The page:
Although it is impossible to speak for everyone and to fully comprehend what intangible aspects all Americans and all human beings, for that matter, find important, there are many dynamics most people can all agree are meaningful components within each of our lives. Whether you are a man or a woman, black, Caucasian, Hispanic, Asian, Indian or Persian, there are qualities of life that at some point become important to us all. For instance, there will be a point in time, particularly as more and more years pass us by, when we will all too some degree or another find ourselves wanting to love and to be loved. We will begin to see the importance of being befriended as well as providing friendship. And in a similar vein, many of us will begin to feel the innate desire to procreate and pass our genes, wisdom and knowledge to another generation.

Still further, however, as the annual notches begin to appear one by one on the leather belt of life, other undercurrents can begin to “haunt” universal man on a more personal level. Why am/was I on this earth? Have I made the most of my time here with the talents I’ve been given? How have I impacted those closest to me as well as those in my community? Relative to my own beliefs and according to my own definitions, have I been “successful”?

If you’re a 23-year-old individual, perhaps you can’t relate to many of the ponderings I’ve just brought up, but rest assured that if you have any self-awareness in this life, there will come a time when you will. By now you may be asking yourself, “What the hell is he babbling about?” So far this column is very dissimilar to my usual ramblings; so I’ll just get to the point. I’ll be 40 next month! FORTY! I can’t get that number or that fact out of my head. Some would call that obsession the beginning of a midlife crisis; others would chuckle and tell me I’m still a pup. I, however, am simply choosing to view this impending milestone as a call to realization, a call to take some inventory. It is at this point I think I’ve chosen to ask the question the overwhelming majority of humanity will have to answer at some point during their lives, which is, “What will my legacy be?”

How will I be remembered – and not just by an impersonal public, but by my family, close friends and those in my local community I depend on and who depend on me? I’m not sure there is a more important question any of us can ask ourselves. What will the sentiments be as my eulogy is being given – and perhaps more importantly, what will the character of the stories be in the following months as my friends, family, etc. gather for the holidays or perhaps a football game and my name is mentioned? Will there be smiles and warmhearted accounts, or will memories of me garner a different tone. The theme and subject matter of these accounts is the definition of one’s legacy.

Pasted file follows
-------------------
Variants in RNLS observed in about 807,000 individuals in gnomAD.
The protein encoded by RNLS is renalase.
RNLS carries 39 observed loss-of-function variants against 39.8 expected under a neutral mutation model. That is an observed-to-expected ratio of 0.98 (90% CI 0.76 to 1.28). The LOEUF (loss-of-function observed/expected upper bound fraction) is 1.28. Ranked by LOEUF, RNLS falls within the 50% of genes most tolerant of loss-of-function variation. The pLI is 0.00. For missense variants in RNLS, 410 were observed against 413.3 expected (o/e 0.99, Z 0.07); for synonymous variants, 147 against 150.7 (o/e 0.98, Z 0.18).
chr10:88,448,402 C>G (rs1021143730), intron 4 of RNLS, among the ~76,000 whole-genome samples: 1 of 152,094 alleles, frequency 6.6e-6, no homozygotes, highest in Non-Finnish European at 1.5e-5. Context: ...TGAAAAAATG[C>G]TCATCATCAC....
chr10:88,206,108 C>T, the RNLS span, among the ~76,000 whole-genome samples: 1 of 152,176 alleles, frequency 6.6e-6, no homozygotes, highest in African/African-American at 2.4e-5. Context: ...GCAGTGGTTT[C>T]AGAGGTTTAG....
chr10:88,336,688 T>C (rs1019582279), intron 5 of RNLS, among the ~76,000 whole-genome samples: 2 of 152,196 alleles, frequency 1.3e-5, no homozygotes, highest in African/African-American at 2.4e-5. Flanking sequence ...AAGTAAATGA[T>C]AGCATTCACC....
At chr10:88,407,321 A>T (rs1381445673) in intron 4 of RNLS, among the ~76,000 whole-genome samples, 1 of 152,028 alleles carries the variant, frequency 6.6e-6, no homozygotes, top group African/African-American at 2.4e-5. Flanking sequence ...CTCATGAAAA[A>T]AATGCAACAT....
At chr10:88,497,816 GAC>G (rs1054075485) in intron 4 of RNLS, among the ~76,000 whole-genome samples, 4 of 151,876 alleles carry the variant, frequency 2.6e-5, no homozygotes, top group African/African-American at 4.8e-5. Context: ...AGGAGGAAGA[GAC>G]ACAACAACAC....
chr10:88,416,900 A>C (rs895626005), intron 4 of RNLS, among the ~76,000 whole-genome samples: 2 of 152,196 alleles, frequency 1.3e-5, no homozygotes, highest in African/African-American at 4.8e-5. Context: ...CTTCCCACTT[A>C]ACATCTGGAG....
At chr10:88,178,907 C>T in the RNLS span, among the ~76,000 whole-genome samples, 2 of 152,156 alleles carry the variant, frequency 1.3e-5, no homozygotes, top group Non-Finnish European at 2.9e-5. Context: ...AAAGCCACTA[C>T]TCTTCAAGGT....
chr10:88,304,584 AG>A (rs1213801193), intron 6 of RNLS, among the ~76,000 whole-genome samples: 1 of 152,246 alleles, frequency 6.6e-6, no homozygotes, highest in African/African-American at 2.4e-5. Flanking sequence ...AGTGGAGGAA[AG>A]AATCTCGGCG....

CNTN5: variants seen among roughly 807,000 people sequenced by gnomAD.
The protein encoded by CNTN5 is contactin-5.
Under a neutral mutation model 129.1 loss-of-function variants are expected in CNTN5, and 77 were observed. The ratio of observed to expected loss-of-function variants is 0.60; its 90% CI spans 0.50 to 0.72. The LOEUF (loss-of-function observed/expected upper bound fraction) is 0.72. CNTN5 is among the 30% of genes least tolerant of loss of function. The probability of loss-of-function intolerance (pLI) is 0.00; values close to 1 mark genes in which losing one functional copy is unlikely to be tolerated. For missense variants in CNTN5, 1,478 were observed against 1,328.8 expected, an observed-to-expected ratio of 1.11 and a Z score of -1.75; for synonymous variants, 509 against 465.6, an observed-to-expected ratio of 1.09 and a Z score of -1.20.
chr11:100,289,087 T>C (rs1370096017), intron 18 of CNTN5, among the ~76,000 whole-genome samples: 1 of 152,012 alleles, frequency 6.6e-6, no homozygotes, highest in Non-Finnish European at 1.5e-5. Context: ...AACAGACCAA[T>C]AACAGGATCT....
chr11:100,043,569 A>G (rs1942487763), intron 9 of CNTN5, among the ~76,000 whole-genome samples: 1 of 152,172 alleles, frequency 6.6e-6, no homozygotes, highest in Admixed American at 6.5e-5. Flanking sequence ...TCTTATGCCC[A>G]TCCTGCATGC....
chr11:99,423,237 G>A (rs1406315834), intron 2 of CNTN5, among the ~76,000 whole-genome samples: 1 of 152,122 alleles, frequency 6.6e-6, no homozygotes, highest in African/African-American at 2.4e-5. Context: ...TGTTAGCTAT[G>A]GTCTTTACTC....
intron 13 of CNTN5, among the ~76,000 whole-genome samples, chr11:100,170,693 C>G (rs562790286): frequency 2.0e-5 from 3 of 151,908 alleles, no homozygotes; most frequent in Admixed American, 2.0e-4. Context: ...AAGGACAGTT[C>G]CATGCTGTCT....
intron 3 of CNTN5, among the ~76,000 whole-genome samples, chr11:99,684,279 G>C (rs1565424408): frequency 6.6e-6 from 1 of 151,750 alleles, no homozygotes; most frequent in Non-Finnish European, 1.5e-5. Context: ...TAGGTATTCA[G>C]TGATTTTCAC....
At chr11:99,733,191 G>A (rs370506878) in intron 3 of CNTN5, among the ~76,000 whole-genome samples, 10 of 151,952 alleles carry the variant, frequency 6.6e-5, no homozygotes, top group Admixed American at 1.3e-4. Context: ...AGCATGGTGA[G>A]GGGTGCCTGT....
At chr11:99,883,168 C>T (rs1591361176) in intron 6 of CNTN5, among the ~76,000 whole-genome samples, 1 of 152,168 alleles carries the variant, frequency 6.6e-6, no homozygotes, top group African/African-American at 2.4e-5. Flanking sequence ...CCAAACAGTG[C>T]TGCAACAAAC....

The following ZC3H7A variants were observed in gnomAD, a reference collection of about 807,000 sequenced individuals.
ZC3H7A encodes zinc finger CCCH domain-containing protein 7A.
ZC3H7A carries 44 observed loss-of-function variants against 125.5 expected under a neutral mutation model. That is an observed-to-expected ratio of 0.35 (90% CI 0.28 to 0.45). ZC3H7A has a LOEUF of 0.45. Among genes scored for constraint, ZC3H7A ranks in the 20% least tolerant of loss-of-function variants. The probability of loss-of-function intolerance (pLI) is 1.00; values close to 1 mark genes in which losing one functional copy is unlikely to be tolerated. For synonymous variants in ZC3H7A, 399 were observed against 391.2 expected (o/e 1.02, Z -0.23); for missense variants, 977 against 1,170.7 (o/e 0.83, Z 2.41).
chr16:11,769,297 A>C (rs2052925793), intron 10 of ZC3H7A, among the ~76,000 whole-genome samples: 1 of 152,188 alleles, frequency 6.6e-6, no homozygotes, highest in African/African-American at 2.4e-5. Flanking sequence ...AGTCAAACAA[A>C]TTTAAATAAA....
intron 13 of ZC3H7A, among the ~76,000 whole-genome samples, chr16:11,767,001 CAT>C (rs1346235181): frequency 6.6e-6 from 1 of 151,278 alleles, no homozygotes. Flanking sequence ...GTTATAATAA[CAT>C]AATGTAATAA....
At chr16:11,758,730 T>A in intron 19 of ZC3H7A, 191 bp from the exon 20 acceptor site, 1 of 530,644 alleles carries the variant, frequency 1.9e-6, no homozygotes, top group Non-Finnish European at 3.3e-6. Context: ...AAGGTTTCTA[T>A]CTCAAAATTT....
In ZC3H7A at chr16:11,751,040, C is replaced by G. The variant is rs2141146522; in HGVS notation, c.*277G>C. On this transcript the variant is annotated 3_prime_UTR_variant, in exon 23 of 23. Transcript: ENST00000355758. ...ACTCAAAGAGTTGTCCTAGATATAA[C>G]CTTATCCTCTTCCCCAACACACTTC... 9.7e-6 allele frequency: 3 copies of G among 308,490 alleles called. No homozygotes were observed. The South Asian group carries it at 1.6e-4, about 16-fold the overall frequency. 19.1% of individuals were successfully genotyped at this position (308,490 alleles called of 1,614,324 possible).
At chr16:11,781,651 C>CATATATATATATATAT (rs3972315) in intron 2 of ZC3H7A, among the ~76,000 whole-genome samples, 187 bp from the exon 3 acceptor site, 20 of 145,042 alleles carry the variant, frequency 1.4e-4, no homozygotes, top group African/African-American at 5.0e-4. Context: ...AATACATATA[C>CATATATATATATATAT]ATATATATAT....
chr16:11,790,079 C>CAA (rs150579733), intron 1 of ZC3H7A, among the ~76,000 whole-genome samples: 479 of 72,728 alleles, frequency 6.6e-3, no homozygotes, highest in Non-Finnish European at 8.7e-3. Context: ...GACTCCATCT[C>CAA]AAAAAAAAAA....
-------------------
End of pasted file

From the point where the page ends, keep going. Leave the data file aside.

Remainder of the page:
Read Rocker’s firsthand account of his public battle with the PC thought police: “Scars and Strikes,” at the WND Superstore

Why am I discussing this topic today? As I’ve said, 40 has woken me up a bit, but it goes beyond that. I was fortunate enough to attend the Major League Baseball Hall of Fame induction ceremony in Cooperstown, New York, late last month and watch as three friends and former teammates completed a life’s journey. I listened to several induction speeches, all of which were very different with the exception of one consistent component. Each man who was in his final hour of a life-long trek spoke of memories of the very first day in a professional uniform, never dreaming it would all end on a Hall of Fame podium in Cooperstown. No doubt that the years leading up to that final day has created a powerful legacy for each one of those men.

During my time at induction weekend, I spent hours walking through the archives at the Hall of Fame Museum witnessing the enshrined legacy of men such as Honus Wagner, Lou Gerhig and Mickey Mantle. I was overcome with emotions I can’t even describe when I got to hold a pair of Ty Cobb’s game worn pants still stained with dirt from a 1920s diamond. Now that’s a pretty powerful legacy, not to entirely overshadow, however, the personal interaction I had with many of the past generation’s icons like Bob Gibson, Sandy Kofax and Mike Schmidt. Although I’m on the precipice of 40, I felt like a 10-year-old on Christmas morning.

But the highlight of my once-in-a-lifetime weekend wasn’t the private tour through the Hall of Fame archives; it wasn’t having dinner with George Brett; and it wasn’t seeing my old teammates be welcomed into the family of baseball royalty. What I will remember most about that weekend was the opportunities I had to sit around with long-lost baseball friends over a beer and tell stories of our buddies from years ago, a few of whom aren’t with us anymore. What I will remember most about my Hall of Fame weekend is the occasion I had to reminisce about a joke once told by a dear friend and former teammate, John LeRoy (RIP), or a gag that our one-time strength coach Frank Fultz played on Dave Justice during spring training, or the celebration after clinching one of those many pennants. That is what I will remember the most. Those stories are part of the legacy those men have left behind.

Perhaps the term “legacy” and what that word means to each of us according to our own definition is best summed up by the poet Maya Angelou: “… people will forget what you said, people will forget what you did, but people will never forget how you made them feel.” For the overwhelming majority of us, our legacy will not consist of Hall of Fame caliber accolades. The ability we all have, however, to impact our community and those closest to us in a positive, meaningful way is the only legacy we should ever need or want.

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